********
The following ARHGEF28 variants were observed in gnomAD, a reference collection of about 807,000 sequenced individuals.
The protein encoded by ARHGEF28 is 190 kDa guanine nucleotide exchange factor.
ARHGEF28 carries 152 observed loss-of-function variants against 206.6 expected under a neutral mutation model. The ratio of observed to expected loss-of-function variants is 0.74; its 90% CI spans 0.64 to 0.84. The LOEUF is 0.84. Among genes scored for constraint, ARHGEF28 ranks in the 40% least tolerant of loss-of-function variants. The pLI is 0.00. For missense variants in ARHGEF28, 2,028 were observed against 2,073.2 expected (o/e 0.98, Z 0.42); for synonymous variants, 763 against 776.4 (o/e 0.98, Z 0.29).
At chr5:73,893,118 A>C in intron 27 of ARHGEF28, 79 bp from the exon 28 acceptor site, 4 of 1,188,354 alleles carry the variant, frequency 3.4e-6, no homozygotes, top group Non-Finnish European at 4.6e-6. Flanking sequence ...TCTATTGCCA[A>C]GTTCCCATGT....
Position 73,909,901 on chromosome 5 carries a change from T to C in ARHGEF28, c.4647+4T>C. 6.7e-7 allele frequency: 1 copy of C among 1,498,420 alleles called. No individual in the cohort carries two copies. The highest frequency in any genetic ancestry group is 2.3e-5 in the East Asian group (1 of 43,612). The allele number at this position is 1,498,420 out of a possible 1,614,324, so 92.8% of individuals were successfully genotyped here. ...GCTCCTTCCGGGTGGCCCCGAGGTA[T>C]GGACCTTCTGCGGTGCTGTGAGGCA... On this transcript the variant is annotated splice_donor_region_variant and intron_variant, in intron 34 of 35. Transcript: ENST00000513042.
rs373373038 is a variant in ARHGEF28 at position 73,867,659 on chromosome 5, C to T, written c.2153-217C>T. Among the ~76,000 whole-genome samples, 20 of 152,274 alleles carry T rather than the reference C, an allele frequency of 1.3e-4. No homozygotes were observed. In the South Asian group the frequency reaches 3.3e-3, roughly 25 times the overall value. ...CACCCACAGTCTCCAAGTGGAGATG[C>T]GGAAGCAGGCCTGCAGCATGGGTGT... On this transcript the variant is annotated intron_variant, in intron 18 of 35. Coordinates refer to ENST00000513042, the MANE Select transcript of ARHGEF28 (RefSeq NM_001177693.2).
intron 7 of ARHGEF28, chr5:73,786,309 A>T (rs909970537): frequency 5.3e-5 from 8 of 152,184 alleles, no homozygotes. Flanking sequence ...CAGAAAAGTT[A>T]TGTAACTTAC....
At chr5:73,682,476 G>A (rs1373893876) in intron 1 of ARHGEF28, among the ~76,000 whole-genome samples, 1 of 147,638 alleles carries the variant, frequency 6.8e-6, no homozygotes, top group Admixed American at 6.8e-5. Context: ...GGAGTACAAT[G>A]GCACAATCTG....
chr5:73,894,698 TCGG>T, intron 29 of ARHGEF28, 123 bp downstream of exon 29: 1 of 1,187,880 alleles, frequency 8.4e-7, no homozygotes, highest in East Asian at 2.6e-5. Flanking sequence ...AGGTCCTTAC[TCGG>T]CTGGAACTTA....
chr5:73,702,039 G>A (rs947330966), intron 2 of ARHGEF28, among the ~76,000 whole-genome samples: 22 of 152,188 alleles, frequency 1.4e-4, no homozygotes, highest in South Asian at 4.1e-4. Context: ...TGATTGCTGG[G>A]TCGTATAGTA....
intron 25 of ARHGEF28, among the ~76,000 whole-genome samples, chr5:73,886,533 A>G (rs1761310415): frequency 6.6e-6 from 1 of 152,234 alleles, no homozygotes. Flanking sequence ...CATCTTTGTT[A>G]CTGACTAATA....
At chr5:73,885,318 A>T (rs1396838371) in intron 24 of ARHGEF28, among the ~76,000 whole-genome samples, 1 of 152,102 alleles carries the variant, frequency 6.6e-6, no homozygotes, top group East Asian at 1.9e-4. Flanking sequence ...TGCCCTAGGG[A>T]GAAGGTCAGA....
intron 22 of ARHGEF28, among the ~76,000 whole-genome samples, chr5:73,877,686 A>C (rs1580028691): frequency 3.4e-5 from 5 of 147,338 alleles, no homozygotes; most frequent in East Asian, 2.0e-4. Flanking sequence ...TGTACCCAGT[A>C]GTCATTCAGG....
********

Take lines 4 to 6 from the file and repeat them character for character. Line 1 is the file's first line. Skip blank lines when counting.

At chr5:73,893,118 A>C in intron 27 of ARHGEF28, 79 bp from the exon 28 acceptor site, 4 of 1,188,354 alleles carry the variant, frequency 3.4e-6, no homozygotes, top group Non-Finnish European at 4.6e-6. Flanking sequence ...TCTATTGCCA[A>C]GTTCCCATGT....
Position 73,909,901 on chromosome 5 carries a change from T to C in ARHGEF28, c.4647+4T>C. 6.7e-7 allele frequency: 1 copy of C among 1,498,420 alleles called. No individual in the cohort carries two copies. The highest frequency in any genetic ancestry group is 2.3e-5 in the East Asian group (1 of 43,612). The allele number at this position is 1,498,420 out of a possible 1,614,324, so 92.8% of individuals were successfully genotyped here. ...GCTCCTTCCGGGTGGCCCCGAGGTA[T>C]GGACCTTCTGCGGTGCTGTGAGGCA... On this transcript the variant is annotated splice_donor_region_variant and intron_variant, in intron 34 of 35. Transcript: ENST00000513042.
rs373373038 is a variant in ARHGEF28 at position 73,867,659 on chromosome 5, C to T, written c.2153-217C>T. Among the ~76,000 whole-genome samples, 20 of 152,274 alleles carry T rather than the reference C, an allele frequency of 1.3e-4. No homozygotes were observed. In the South Asian group the frequency reaches 3.3e-3, roughly 25 times the overall value. ...CACCCACAGTCTCCAAGTGGAGATG[C>T]GGAAGCAGGCCTGCAGCATGGGTGT... On this transcript the variant is annotated intron_variant, in intron 18 of 35. Coordinates refer to ENST00000513042, the MANE Select transcript of ARHGEF28 (RefSeq NM_001177693.2).